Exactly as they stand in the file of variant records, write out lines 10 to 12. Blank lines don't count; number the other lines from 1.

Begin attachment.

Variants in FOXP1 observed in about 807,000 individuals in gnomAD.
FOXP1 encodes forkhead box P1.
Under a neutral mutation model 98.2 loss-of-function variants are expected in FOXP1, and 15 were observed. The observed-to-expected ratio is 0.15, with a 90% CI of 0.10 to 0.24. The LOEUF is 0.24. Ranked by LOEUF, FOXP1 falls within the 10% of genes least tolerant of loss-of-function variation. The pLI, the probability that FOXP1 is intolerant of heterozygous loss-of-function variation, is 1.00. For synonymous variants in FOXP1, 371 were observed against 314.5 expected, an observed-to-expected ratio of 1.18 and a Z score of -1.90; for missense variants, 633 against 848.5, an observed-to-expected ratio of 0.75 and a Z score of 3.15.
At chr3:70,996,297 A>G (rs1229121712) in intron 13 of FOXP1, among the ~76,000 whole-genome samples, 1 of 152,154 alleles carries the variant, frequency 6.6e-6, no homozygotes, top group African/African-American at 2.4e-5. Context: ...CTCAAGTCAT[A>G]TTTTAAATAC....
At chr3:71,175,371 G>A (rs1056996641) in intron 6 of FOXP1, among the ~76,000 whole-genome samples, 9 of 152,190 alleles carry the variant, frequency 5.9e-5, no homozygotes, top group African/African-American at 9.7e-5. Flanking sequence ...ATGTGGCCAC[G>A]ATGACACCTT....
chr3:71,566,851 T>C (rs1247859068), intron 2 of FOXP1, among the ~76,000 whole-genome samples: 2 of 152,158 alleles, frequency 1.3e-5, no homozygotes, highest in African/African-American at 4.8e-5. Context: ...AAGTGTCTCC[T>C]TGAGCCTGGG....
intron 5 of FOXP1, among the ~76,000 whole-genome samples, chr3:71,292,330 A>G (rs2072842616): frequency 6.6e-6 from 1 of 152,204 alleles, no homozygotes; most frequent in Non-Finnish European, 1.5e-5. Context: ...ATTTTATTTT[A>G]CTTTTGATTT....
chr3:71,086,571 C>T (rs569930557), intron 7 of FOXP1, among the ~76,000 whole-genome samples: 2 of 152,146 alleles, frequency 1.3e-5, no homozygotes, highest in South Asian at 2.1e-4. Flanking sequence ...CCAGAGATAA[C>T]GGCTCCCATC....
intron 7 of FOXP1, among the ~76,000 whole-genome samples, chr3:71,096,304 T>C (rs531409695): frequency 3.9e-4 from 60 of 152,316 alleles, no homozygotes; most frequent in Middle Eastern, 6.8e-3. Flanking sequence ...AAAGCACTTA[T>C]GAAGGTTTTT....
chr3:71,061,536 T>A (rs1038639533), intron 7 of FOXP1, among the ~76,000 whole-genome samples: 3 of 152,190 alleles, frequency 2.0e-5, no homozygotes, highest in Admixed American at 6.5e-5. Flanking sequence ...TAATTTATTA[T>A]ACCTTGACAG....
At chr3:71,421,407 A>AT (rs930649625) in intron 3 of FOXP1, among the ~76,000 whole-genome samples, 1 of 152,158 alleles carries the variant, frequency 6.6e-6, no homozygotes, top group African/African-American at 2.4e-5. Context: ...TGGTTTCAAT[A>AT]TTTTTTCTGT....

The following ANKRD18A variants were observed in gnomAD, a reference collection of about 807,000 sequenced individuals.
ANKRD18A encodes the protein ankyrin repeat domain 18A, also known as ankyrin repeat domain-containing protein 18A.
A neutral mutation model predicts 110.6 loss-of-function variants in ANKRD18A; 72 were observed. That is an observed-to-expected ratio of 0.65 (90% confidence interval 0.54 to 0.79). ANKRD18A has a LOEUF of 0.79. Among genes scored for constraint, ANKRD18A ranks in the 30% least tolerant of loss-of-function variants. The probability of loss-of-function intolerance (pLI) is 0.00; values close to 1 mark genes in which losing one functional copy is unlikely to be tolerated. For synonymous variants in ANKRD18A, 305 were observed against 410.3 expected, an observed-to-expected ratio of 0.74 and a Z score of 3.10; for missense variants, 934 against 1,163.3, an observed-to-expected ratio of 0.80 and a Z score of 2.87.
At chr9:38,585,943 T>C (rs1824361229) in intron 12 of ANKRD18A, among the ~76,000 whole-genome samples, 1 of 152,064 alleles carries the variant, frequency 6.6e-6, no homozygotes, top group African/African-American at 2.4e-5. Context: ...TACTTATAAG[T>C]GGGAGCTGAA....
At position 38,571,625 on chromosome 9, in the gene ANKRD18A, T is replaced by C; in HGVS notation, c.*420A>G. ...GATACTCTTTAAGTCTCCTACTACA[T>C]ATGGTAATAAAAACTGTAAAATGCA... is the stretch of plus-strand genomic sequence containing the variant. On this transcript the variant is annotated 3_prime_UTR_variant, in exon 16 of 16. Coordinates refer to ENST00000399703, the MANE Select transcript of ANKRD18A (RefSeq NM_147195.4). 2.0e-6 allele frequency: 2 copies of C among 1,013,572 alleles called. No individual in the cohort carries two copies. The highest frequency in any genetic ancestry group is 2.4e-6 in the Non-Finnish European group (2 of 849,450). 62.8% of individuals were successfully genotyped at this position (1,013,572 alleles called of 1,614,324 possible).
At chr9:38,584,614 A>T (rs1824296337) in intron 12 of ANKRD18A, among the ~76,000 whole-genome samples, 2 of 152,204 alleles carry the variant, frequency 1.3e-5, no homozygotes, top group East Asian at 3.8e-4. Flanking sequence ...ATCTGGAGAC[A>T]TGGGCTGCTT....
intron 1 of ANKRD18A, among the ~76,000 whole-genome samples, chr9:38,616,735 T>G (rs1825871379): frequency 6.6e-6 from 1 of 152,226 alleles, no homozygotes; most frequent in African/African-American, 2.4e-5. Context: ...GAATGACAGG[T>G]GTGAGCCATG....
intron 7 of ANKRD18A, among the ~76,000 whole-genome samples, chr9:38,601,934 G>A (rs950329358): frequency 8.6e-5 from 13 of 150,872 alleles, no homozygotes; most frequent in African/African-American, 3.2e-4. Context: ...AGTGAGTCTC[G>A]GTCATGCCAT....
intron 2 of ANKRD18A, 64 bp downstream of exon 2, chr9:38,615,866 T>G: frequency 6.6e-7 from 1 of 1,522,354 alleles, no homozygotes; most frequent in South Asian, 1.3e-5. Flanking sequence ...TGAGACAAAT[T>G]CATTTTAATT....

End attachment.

chr3:71,061,536 T>A (rs1038639533), intron 7 of FOXP1, among the ~76,000 whole-genome samples: 3 of 152,190 alleles, frequency 2.0e-5, no homozygotes, highest in Admixed American at 6.5e-5. Flanking sequence ...TAATTTATTA[T>A]ACCTTGACAG....
At chr3:71,421,407 A>AT (rs930649625) in intron 3 of FOXP1, among the ~76,000 whole-genome samples, 1 of 152,158 alleles carries the variant, frequency 6.6e-6, no homozygotes, top group African/African-American at 2.4e-5. Context: ...TGGTTTCAAT[A>AT]TTTTTTCTGT....

The following ANKRD18A variants were observed in gnomAD, a reference collection of about 807,000 sequenced individuals.